December 7, 2023. Bernardsville, NJ.
Community in Crisis (CiC), based in Bernardsville, NJ, has been awarded a two-year grant funded by the Somerset Hills Community Health Foundation (SHCHF). The purpose of this grant is to create a new Youth Mental Health program for young people in the Somerset Hills and surrounding towns to promote and support youth mental wellbeing. The program will help young people better understand themselves, manage their stress and anxiety, and connect with their peers and their community to increase their sense of belonging and self-worth, as well as to develop the skills needed to manage their mental health and thrive while making healthy decisions.
The youth mental health program will take a two-pronged approach: first, providing mental health support and assisting in developing social emotional learning skills and second, helping young people form developmental relationships with peers and adults that are essential to cultivate their ability to shape their own lives, build resilience and thrive. All activities will be driven by the goal to help individuals feel healthier in mind and body and will be provided in an environment free of judgement and stigma. Program activities will include Mindfulness, Social Emotional Learning (SEL) Activities, Pet Therapy, Saturday Service Projects, a Mental Health Support Group led by a licensed clinician, and more.
Mental health challenges in adolescents are increasing. Even before the pandemic, an alarming number of young people struggled with feelings of anxiety, depression, and thoughts of suicide. In 2019, 21% of middle school and 35% of high school students in the Somerset Hills had considered dying by suicide. (Pride 2019) The pandemic demanded social isolation and missed milestone experiences, and the effect on adolescents’ mental health has been devastating. According to the National Institute of Mental Health 49.5% of youth aged 13-18 live with a mental disorder and suicide is the second leading cause of death for youth aged 10-14 (National Center for Health Statistics 2020).
By increasing healthy social connections, community involvement, and service to others, as well as building new coping skills, knowledge of mental wellness, and the impacts of substance use on mental health, CIC’s Youth Mental Health program will reduce youth stress, anxiety, and suicidal ideation. Building mental wellness will allow young people to focus on their academic success, be more resilient during stressful times, and withstand peer pressure for substance use. These positive effects not only support the young person but impact the larger community as they enter adulthood.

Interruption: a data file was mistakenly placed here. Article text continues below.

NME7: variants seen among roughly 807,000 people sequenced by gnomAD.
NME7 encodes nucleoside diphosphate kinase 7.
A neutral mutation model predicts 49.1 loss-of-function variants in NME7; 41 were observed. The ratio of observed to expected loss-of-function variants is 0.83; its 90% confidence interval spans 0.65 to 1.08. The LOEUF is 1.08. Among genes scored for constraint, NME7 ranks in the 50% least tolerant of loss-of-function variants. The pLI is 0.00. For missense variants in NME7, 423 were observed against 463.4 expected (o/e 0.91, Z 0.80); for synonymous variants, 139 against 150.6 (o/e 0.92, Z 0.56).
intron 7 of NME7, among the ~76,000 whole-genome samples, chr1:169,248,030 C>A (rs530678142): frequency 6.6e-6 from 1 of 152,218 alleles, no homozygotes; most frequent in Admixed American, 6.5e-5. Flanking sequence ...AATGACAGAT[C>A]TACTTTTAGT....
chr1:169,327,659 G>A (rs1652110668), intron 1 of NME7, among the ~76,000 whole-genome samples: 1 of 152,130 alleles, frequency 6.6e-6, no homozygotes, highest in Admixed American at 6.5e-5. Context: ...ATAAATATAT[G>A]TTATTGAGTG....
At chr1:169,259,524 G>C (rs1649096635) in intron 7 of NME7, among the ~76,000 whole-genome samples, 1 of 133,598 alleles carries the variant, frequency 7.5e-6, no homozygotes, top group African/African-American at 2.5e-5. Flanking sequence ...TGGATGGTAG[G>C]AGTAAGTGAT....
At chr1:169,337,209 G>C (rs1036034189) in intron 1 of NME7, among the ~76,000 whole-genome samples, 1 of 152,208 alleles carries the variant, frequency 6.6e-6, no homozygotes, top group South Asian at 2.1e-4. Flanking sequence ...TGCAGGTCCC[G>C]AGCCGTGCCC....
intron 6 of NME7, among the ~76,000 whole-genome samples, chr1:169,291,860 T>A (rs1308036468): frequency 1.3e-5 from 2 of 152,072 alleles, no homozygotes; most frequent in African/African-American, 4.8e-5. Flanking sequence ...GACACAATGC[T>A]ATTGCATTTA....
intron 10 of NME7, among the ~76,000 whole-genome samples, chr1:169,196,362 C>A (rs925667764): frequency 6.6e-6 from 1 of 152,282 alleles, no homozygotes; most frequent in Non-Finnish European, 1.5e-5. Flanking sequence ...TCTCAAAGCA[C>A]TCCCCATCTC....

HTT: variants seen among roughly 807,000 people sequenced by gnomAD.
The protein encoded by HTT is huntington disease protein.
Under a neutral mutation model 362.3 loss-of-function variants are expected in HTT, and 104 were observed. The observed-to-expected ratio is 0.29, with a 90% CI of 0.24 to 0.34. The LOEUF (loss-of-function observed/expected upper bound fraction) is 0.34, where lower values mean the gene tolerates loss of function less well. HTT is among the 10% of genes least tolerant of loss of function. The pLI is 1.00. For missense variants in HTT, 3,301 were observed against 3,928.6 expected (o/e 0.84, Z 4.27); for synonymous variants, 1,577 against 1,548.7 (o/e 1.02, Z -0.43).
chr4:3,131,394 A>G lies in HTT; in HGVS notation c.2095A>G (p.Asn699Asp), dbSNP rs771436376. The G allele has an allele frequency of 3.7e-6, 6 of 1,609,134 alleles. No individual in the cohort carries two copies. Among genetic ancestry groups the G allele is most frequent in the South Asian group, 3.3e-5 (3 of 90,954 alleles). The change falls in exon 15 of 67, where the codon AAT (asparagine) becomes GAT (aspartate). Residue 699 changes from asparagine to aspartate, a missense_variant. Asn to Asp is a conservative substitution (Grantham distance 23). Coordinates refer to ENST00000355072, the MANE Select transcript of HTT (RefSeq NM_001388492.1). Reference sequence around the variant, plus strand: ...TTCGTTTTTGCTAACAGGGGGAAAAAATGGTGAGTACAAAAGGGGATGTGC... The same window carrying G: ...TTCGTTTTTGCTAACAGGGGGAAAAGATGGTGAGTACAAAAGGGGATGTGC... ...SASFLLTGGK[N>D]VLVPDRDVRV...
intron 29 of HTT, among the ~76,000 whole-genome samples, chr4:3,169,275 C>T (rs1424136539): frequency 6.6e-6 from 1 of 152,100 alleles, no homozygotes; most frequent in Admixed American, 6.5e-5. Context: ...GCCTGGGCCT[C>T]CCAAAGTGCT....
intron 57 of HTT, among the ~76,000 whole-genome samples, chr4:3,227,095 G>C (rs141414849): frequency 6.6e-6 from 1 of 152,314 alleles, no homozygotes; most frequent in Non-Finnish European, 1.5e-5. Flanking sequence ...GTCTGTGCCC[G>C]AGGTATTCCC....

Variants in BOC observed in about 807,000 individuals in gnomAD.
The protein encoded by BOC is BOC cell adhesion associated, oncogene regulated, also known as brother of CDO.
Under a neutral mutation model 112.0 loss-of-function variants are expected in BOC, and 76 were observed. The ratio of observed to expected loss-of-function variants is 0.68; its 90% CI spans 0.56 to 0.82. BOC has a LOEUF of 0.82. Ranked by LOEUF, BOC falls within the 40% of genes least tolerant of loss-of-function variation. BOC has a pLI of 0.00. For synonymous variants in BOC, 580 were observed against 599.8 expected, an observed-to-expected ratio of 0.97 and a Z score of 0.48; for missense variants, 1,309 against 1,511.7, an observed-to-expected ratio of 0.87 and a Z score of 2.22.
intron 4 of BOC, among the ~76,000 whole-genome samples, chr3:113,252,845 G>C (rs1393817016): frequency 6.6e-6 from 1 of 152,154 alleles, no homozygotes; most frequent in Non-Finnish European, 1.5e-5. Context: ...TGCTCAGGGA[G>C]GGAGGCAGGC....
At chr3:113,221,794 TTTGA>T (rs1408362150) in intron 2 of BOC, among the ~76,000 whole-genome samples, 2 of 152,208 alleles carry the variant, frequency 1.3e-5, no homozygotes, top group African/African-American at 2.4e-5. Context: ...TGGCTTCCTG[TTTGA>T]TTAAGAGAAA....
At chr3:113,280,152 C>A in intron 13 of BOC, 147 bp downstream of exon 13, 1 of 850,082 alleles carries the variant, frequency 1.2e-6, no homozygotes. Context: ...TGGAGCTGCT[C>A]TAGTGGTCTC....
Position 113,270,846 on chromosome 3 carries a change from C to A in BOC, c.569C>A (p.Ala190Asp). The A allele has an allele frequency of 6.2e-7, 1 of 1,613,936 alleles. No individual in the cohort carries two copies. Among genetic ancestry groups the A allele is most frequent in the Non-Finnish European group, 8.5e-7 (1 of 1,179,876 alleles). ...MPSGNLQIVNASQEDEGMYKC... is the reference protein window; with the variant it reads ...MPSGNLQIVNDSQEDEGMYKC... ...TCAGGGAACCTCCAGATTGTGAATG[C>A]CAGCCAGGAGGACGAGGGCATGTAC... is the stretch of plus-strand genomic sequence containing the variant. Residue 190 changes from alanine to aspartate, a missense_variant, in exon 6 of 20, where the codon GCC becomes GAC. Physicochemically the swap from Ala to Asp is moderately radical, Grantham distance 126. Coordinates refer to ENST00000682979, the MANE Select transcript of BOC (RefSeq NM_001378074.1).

Susan Visser, CIC’s Senior Program Manager, commented, “This is a natural next step in our efforts to focus on the mental health of the young individual. Mental health challenges can raise the risk for substance use; offering our youth healthy lifestyle activities, a safe place where they feel they belong, and an opportunity to seek help and support as they navigate some of the ups and downs that often accompany this age is a huge need. We are thrilled to receive this award and get to work on helping young people cope with all the challenges they face, especially in the wake of the pandemic.”
“SHCHF is pleased to support the adolescent mental health program outlined by Community in Crisis. Recognizing the challenges today’s adolescents are facing for their mental health and avoiding subsequent substance abuse is a priority for funding by SHCHF,” stated Kathy Cummins, SHCHF Chairperson. “We are committed to contributing to interventions in our priority counties and applaud the work being done by CIC.”
Joining the team to help design and implement this programming is Sally Roser, a 30-year veteran of innovative youth development and programming. Roser’s career began at the Somerset Hills YMCA where she worked with children ranging in age from infants to teens, directed family and teen programming, supervised middle school summer travel camp, and oversaw the entire operations of the Early Education Center.
Roser’s passion is rooted in helping youth of all ages develop a positive sense of self through building knowledge, life skills and positive behaviors that foster success. Roser commented, “I like to think of myself as ‘that trusted adult,’ the person in a kid’s life who they can trust and relate to. Being a good, open-minded listener makes young people feel safe and empowers them to be diligent about their own safety. So, I decided to join CiC because I know that I can bring value to the work they do, at a time when their youth programs expand and the organization grows. It’s an outstanding organization with dedicated professionals at the helm, and I am looking forward to playing an integral role in delivering this much-needed programming.”
Established in 2019, SHCHF is a donor advised fund at the Community Foundation of New Jersey (CFNJ) and seeks to fund projects and programs that promote healthier individuals and communities in Morris and Somerset counties.
Community in Crisis (CiC) is a grassroots, non-profit coalition formed in 2013 in response to a sudden surge in opioid addiction and overdose deaths in the Somerset Hills. Known as CiC, its mission is to lead and unite communities to reduce the incidence and consequences of substance use and misuse through education, prevention and holistic support in an environment free of stigma.
CiC is widely recognized as an invaluable community asset in addressing substance use and misuse, and is acknowledged locally and county-wide as the ‘go-to’ resource for education, prevention, and support in fighting the epidemic. Our evidence- based, multi-faceted approach was developed using a strategic planning framework and is designed to meet unique community needs and produce sustainable change.
For more information, please contact Susan Visser at firstname.lastname@example.org